At the hearing on the motion for protective order, Cruickshank argued that, "whether there are, or are not any documents" responsive to the subpoena, all such documents were privileged. The JCC denied the motion for protective order in part, allowing Cruickshank the opportunity to file a privilege log disclosing any documents withheld and to produce all others. Although the E/SA's expert witness was deposed almost immediately following the JCC's ruling, Cruickshank did not provide a privilege log to Porcher. When the parties convened for the deposition of the E/SA's fee expert, Cruickshank produced several documents in response to the subpoena including a one-page letter between Cruickshank and the fee expert establishing a rate of pay per hour. No documents were identified to Porcher that were withheld as containing work product or other privileged information.

         Several weeks later, the Claimant filed the subject motion for sanctions. The motion requested sanctions pursuant to section 440.32(3), which states:

The signature of an attorney [on a pleading, motion, or other paper] constitutes a certificate by the signer that the signer has read the pleading, motion, or other paper; that to the best of the signer's knowledge, information, and belief formed after reasonable inquiry it is well grounded in fact and is warranted by existing law or a good faith argument for the extension, modification, or reversal of existing law, and that it is not interposed for any improper purpose, such as to harass or to cause unnecessary delay or needless increase in the cost of litigation. . . . If a pleading, motion, or other paper is signed in violation of this section, the [JCC] or any court having jurisdiction of proceedings, upon motion or upon its own initiative, shall impose upon the person who signed it an appropriate sanction, which may include an order to pay to the other party or parties the amount of the reasonable expenses incurred because of the filing of the pleading, motion, or other paper, including a reasonable attorney's fee.

         The E/SA argue that the motion for sanctions was untimely because the motion for protective order- the underlying basis for sanctions - had previously been ruled upon by the JCC. More specifically, because rule 60Q-6.125(4)(a) creates a 21-day "safe harbor" period to allow for the withdrawal or correction of a sanctionable pleading, the Claimant's motion for sanctions, to be timely, had to be filed while the motion for protective order was pending. The JCC denied the Claimant's motion for sanctions finding that the E/SA's motion for protective order was denied, in part, and the motion for sanctions was untimely and noncompliant with rule 60Q-6.125. In a motion for rehearing, the Claimant asserted, among other points, that section 440.32(3) is not a prevailing party provision and that the JCC's description of the ruling on the motion for protective order "did not tell the whole story" as Cruickshank was instructed by the JCC to prepare a privilege log which she did not do. The Claimant also reiterated that the motion for sanctions was not untimely under section 440.32(3), and an evidentiary hearing was necessary so that the claim for sanctions could be heard on its merits. Finally, the Claimant argued that if rule 60Q-6.125(4)(a) applied, Cruickshank was required to take some type of corrective action under the ...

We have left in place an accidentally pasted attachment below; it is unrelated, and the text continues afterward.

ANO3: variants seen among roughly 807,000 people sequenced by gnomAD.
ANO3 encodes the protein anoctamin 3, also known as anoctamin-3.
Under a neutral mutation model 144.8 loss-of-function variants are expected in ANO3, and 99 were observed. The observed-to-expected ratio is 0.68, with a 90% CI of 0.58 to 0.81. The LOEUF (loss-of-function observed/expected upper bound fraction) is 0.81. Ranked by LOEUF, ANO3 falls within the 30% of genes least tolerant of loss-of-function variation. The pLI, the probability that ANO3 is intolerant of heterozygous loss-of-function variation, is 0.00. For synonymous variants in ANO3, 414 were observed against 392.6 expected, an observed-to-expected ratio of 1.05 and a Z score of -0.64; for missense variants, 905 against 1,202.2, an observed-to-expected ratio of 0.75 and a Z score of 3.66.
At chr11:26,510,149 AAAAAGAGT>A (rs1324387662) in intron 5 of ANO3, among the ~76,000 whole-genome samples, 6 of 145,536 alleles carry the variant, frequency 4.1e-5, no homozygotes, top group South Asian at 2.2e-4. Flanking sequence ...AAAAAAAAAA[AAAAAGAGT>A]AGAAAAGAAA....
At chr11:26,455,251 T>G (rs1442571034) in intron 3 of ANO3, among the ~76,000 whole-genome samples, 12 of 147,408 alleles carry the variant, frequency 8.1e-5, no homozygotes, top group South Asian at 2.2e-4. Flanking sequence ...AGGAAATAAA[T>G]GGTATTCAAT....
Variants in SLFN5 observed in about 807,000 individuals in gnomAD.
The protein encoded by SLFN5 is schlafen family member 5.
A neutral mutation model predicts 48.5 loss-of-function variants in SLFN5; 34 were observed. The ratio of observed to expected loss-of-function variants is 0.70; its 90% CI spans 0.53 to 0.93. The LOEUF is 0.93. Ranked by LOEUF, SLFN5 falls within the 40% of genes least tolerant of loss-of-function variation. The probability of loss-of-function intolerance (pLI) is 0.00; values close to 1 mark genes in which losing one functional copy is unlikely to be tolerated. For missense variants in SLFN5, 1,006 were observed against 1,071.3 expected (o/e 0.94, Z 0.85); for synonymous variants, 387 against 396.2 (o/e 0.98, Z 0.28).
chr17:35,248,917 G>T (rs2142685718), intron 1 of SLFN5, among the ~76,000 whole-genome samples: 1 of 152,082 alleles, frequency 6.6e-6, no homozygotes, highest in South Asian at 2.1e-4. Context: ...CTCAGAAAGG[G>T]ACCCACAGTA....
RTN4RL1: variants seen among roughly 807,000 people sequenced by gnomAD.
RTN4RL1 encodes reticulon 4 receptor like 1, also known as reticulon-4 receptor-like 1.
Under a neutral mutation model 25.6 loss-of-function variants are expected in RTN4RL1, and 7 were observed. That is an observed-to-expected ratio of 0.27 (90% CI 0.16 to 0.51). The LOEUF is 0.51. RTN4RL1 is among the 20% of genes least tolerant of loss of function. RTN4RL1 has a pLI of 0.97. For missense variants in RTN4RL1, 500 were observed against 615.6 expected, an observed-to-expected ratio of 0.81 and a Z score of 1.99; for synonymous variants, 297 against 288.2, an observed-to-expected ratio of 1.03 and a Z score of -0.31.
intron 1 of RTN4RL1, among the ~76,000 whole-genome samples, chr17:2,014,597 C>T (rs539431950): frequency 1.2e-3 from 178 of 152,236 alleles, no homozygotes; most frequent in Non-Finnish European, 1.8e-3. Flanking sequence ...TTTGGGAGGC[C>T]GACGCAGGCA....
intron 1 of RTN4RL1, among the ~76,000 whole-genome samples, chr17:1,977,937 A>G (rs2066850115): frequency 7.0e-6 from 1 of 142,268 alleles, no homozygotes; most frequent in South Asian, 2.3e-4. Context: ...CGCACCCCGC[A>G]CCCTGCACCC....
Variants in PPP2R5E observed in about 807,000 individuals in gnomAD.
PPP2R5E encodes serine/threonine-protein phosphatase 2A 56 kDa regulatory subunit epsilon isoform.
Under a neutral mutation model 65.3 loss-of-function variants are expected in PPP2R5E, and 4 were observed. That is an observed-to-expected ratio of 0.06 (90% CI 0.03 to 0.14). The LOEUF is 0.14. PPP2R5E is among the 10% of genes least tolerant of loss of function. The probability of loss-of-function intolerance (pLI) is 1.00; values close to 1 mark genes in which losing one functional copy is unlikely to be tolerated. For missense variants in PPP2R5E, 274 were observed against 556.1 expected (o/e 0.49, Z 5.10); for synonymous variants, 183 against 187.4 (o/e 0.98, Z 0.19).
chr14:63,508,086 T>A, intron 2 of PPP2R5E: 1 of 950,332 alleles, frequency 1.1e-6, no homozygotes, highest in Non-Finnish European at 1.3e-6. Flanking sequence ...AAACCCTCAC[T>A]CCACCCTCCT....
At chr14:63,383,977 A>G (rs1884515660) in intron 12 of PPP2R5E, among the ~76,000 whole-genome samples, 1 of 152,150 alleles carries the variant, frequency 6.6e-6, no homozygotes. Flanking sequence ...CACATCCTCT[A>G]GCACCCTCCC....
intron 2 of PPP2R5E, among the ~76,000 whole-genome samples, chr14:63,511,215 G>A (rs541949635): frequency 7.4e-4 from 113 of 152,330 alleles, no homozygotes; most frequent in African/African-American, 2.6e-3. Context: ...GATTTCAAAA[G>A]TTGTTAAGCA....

Buy This Entire Record For $7.95

Download the entire decision to receive the complete text, official citation,
docket number, dissents and concurrences, and footnotes for this case.

Learn more about what you receive with purchase of this case.